Monday, May 21, 2007

The critic as public intellectual

Hoo baby. This one's amazing.
Let me put this bluntly, in language even a busy blogger can understand: Criticism — and its humble cousin, reviewing — is not a democratic activity. It is, or should be, an elite enterprise, ideally undertaken by individuals who bring something to the party beyond their hasty, instinctive opinions of a book (or any other cultural object). It is work that requires disciplined taste, historical and theoretical knowledge and a fairly deep sense of the author's (or filmmaker's or painter's) entire body of work, among other qualities.

Opinion — thumbs up, thumbs down — is the least important aspect of reviewing. Very often, in the best reviews, opinion is conveyed without a judgmental word being spoken, because the review's highest business is to initiate intelligent dialogue about the work in question, beginning a discussion that, in some cases, will persist down the years, even down the centuries.
Schickel's idea that the critic should be a public intellectual as well is fine, but all he's done with his ill-informed anti-blog tirade(s) is make the gap between them wider. Or try to, anyway; these kinds of spats really don't do anyone any favors. Old school versus new school, it's the same argument every time: You young whippersnappers, you don't know what you're talking about because you don't have a string of letters after your name.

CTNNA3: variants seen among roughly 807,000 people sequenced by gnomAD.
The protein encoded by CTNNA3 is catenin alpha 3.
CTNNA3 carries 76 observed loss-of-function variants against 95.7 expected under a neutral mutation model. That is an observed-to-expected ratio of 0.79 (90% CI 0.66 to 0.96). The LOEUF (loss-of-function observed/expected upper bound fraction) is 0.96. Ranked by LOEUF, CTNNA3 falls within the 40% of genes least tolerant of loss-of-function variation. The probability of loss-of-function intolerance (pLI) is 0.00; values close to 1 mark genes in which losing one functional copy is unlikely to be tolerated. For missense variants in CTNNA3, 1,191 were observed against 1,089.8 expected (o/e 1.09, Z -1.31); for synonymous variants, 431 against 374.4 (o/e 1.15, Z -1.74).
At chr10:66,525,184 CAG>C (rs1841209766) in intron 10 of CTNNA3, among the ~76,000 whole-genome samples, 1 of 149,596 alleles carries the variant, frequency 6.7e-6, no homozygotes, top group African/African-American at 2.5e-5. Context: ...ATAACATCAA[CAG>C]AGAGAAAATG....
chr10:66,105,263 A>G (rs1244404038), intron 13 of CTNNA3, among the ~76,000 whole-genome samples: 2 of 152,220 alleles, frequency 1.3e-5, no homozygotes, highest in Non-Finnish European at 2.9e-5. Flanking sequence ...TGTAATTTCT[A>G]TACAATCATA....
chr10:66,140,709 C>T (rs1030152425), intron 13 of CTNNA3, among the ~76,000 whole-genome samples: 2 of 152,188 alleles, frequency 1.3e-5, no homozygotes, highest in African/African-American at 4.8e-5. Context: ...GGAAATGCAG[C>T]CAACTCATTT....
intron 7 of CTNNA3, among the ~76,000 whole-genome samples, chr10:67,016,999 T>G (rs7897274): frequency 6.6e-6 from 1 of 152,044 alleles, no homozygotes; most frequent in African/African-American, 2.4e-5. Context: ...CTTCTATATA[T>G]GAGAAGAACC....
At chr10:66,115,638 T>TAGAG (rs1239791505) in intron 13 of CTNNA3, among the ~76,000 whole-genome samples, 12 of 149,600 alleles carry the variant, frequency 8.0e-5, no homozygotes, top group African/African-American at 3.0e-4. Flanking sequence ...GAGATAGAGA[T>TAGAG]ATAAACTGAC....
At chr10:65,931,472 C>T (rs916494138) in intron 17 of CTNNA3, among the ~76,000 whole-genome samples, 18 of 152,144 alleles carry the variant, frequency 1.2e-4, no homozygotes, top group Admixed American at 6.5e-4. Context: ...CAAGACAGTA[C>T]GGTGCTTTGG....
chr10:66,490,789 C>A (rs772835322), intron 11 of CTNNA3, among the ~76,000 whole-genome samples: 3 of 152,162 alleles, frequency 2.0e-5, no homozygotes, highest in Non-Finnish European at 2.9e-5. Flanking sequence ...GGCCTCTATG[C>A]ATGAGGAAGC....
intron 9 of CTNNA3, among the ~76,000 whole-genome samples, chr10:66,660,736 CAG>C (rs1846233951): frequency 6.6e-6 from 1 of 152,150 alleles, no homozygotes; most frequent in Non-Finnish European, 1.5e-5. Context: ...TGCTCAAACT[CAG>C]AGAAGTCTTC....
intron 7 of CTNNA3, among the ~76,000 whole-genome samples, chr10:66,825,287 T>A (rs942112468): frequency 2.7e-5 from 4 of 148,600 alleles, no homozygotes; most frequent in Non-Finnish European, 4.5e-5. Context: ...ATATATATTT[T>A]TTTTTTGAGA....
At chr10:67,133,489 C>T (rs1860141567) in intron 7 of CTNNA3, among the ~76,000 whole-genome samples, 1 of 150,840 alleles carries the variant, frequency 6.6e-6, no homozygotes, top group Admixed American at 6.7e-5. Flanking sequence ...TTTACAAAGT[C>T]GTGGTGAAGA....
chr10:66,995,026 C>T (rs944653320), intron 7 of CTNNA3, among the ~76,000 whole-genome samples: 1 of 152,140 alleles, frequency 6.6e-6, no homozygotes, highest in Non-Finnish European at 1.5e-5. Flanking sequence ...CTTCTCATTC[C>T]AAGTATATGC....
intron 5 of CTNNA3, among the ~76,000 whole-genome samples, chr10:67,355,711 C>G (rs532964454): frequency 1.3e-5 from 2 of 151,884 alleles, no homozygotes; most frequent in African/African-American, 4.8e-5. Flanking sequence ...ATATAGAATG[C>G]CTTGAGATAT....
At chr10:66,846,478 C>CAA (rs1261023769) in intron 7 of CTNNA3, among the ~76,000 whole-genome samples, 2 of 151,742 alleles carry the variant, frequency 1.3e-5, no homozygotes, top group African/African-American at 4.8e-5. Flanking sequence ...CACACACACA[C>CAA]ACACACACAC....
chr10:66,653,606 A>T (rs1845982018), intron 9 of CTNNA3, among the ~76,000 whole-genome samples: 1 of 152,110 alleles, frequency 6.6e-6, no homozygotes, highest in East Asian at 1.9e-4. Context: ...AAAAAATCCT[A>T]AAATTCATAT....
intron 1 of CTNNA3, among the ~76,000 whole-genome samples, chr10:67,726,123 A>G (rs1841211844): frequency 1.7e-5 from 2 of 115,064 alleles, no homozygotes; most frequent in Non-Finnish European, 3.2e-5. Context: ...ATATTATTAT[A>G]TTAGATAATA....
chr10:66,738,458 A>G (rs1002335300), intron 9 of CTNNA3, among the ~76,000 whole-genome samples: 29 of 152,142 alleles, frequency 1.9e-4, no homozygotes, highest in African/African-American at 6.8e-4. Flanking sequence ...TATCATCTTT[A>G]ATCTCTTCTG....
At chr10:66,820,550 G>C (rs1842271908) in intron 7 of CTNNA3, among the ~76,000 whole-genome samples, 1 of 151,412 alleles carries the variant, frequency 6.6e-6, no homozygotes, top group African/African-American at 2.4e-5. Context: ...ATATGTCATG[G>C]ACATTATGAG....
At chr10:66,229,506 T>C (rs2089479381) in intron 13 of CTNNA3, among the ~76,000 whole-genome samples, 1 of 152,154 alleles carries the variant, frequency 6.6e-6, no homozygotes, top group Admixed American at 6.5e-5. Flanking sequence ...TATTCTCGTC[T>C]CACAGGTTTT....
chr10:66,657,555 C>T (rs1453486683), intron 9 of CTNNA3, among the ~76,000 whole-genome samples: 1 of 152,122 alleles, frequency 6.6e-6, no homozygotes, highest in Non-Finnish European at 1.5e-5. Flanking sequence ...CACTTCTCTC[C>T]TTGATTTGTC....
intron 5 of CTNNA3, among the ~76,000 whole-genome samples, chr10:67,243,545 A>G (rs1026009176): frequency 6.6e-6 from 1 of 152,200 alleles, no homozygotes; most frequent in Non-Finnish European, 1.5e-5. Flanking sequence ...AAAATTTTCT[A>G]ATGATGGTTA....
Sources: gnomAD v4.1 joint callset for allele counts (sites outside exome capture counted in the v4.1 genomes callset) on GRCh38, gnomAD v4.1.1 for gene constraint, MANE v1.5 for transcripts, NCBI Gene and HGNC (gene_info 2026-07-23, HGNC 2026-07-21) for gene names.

There's been a big stink in the blogosphere lately (see here) over this very topic: the validity of online-based writing versus print-based. But if you think about it, it all amounts to what Nirvana once called "territorial pissings." Next topic, please.

1 comment:

Simon Crowe said...

Jason -

I think you and I agree on this. Here's my take on the issue....

Vote in the presidential poll after you check this out, will you? I'm disheartened turnout is so low....